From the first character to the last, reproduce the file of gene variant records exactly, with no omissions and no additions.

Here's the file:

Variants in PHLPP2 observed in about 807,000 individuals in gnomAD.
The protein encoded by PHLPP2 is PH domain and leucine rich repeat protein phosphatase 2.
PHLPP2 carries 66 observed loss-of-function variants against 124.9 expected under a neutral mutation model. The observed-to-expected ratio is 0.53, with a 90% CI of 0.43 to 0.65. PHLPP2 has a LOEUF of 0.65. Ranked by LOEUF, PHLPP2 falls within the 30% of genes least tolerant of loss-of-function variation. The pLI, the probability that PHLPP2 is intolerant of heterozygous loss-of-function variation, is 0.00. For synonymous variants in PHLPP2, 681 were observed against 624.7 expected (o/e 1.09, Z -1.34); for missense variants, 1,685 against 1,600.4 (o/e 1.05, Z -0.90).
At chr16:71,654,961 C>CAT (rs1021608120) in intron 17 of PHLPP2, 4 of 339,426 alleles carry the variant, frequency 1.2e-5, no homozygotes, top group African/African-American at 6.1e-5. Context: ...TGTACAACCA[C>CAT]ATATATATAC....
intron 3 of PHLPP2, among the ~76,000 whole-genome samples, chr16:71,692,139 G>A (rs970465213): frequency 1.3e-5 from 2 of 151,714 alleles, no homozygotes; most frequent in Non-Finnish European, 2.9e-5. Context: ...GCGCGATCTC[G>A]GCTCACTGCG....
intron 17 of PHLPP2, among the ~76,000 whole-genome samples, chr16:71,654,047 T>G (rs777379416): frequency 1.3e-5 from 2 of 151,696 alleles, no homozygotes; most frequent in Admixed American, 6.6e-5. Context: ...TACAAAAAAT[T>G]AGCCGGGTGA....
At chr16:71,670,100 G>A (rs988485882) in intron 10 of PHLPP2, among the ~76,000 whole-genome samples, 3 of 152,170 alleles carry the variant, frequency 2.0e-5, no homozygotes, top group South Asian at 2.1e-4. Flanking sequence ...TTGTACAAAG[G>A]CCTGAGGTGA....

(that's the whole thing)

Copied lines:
Variants in PHLPP2 observed in about 807,000 individuals in gnomAD.
The protein encoded by PHLPP2 is PH domain and leucine rich repeat protein phosphatase 2.
PHLPP2 carries 66 observed loss-of-function variants against 124.9 expected under a neutral mutation model. The observed-to-expected ratio is 0.53, with a 90% CI of 0.43 to 0.65. PHLPP2 has a LOEUF of 0.65. Ranked by LOEUF, PHLPP2 falls within the 30% of genes least tolerant of loss-of-function variation. The pLI, the probability that PHLPP2 is intolerant of heterozygous loss-of-function variation, is 0.00. For synonymous variants in PHLPP2, 681 were observed against 624.7 expected (o/e 1.09, Z -1.34); for missense variants, 1,685 against 1,600.4 (o/e 1.05, Z -0.90).
At chr16:71,654,961 C>CAT (rs1021608120) in intron 17 of PHLPP2, 4 of 339,426 alleles carry the variant, frequency 1.2e-5, no homozygotes, top group African/African-American at 6.1e-5. Context: ...TGTACAACCA[C>CAT]ATATATATAC....
intron 3 of PHLPP2, among the ~76,000 whole-genome samples, chr16:71,692,139 G>A (rs970465213): frequency 1.3e-5 from 2 of 151,714 alleles, no homozygotes; most frequent in Non-Finnish European, 2.9e-5. Context: ...GCGCGATCTC[G>A]GCTCACTGCG....
intron 17 of PHLPP2, among the ~76,000 whole-genome samples, chr16:71,654,047 T>G (rs777379416): frequency 1.3e-5 from 2 of 151,696 alleles, no homozygotes; most frequent in Admixed American, 6.6e-5. Context: ...TACAAAAAAT[T>G]AGCCGGGTGA....
At chr16:71,670,100 G>A (rs988485882) in intron 10 of PHLPP2, among the ~76,000 whole-genome samples, 3 of 152,170 alleles carry the variant, frequency 2.0e-5, no homozygotes, top group South Asian at 2.1e-4. Flanking sequence ...TTGTACAAAG[G>A]CCTGAGGTGA....